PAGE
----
sometimes she brings one
sometimes two
sometimes three
for me to
view


Sandra looks very good in
long gowns
Sandra could probably break
a man's heart


I hope she finds
one.


Love is a Dog From Hell. Copyright © by Charles Bukowski. Reprinted by permission of HarperCollins Publishers, Inc. All rights reserved. Available now wherever books are sold.
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Customer Reviews

Average Rating 4
( 22 )
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See All Sort by: Showing 1 – 20 of 22 Customer Reviews
  • Anonymous

    Posted March 8, 2005

    Another Bukowski Must-have!

    Charles Bukowski was such a talented writer, one of few true writers with the ability to compose words into beautiful lakes of refuge. His poems contained in this book are brutally honest; some of them are in a sense crude, but not without the beauty of a man who speaks his mind.

    3 out of 3 people found this review helpful.

    Was this review helpful? Yes  No   Report this review
  • Posted May 27, 2010

    more from this reviewer

    I Also Recommend:

    The thought of this book is a smile

    Charles Bukowski is shocking! Sometimes your jaw drops and you can't help but think, my god! Is this a memory of his!? He didn't really do that did he!? And other poems will reach out and place the emptiness of his life directly inside you. When I am angry in my relationships I grab this book because I can relate to Bukowski on an odd level, in a way that both feels distance as much as understood. Sometimes I want to call my man really mean & nasty names in the way that I think he never held fear of, lol. The man was a great writer; I would have like to have met him despite the way he may have behaved towards me ;) This is a must have for any real poetry lover!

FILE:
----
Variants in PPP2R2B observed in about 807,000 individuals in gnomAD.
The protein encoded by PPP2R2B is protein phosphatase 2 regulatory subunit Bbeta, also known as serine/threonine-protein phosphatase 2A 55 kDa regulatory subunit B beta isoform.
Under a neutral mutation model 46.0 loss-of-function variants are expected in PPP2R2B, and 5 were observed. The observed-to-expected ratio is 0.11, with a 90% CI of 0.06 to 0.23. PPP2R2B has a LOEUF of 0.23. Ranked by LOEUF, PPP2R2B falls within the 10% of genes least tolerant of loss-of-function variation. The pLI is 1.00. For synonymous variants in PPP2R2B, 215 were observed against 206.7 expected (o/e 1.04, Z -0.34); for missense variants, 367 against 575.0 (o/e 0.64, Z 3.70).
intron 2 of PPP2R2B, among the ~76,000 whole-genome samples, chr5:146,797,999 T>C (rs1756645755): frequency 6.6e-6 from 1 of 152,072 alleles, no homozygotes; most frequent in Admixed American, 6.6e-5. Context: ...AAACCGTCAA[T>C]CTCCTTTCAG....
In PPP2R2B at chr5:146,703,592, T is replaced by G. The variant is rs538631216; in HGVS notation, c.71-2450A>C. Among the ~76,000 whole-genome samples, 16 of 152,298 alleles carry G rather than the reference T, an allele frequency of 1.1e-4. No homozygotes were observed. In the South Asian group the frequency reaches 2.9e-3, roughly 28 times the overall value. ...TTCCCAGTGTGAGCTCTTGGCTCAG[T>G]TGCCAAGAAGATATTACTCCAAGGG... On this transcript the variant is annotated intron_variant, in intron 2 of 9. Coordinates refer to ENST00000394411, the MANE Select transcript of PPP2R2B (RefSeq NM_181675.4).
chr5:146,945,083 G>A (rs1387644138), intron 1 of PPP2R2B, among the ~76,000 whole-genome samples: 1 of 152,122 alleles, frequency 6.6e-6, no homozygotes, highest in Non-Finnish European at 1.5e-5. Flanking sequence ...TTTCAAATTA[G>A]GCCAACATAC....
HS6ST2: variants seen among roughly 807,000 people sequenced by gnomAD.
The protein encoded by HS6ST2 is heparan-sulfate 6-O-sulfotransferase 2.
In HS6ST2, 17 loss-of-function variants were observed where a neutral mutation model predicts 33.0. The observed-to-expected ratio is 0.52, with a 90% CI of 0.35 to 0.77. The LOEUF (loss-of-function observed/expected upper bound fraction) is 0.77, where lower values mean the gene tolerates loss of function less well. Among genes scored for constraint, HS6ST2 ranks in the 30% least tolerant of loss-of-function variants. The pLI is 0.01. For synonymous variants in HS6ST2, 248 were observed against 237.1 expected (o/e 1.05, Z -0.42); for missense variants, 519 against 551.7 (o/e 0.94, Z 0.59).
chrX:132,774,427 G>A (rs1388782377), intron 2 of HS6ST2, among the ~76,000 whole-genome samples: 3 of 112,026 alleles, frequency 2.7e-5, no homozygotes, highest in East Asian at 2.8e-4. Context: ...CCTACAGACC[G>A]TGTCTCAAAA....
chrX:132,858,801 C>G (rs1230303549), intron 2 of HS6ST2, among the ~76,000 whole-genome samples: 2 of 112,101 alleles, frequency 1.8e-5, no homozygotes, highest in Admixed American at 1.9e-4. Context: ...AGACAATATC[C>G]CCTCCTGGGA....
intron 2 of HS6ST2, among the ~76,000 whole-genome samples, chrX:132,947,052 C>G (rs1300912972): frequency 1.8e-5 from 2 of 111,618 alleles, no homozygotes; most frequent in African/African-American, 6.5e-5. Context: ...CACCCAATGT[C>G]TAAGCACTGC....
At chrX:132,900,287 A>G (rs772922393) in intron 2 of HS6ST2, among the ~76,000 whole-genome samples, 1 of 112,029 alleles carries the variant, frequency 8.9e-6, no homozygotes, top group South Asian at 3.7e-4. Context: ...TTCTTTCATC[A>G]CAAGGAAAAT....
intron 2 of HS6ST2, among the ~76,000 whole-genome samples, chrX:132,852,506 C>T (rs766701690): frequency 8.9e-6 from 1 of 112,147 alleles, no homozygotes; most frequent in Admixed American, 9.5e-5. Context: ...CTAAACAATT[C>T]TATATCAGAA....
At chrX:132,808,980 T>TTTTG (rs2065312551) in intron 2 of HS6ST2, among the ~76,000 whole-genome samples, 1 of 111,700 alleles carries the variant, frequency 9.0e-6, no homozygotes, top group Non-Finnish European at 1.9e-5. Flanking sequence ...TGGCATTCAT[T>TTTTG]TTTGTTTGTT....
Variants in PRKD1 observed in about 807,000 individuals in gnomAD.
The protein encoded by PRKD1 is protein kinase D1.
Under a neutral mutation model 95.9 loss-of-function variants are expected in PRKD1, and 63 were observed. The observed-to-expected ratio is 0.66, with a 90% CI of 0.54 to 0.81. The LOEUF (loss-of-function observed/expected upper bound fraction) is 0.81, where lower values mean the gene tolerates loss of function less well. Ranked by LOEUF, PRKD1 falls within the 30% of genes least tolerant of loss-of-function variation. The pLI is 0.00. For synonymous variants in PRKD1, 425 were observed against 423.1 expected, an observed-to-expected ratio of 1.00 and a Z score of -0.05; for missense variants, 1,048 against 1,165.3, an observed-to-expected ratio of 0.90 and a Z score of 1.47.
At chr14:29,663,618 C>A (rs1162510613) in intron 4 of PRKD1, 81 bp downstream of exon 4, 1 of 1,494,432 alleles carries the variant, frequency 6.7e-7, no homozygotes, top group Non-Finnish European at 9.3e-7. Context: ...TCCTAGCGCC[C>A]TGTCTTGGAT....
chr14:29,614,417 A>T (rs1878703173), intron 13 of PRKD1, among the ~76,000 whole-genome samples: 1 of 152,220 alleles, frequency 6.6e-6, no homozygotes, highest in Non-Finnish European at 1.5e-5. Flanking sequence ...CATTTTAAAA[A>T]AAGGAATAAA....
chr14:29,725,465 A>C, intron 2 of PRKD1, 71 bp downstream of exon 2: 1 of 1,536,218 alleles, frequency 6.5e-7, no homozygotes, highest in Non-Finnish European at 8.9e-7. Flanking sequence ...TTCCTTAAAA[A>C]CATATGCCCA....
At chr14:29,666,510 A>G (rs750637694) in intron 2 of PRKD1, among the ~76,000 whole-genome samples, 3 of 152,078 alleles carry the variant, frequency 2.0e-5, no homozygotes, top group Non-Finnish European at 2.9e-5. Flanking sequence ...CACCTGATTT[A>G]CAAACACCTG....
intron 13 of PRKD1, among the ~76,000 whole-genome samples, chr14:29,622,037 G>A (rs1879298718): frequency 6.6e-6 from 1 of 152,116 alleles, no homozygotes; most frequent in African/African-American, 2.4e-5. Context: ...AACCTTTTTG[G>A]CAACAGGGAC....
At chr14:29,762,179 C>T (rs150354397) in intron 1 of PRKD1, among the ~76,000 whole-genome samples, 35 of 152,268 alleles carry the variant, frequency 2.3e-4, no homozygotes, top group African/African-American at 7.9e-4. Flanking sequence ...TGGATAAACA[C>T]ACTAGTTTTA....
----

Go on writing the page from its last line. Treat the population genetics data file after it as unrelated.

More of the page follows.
1 out of 1 people found this review helpful.

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  • Anonymous

    Posted November 22, 2005

    Ole Buk

    The best volume of the underground world of poetry. Whitman sympathized with the working man, but Bukowski was 'one of us.'

    1 out of 1 people found this review helpful.

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  • Anonymous

    Posted August 26, 2012

    Love it.

    You can never go wrong with Bukowski!

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  • Posted May 25, 2011

    more from this reviewer

    Nice

    Nice

    0 out of 1 people found this review helpful.

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  • Anonymous

    Posted April 26, 2002

    RAW BUKOWSKI

    buy it, read it, love it.

    0 out of 1 people found this review helpful.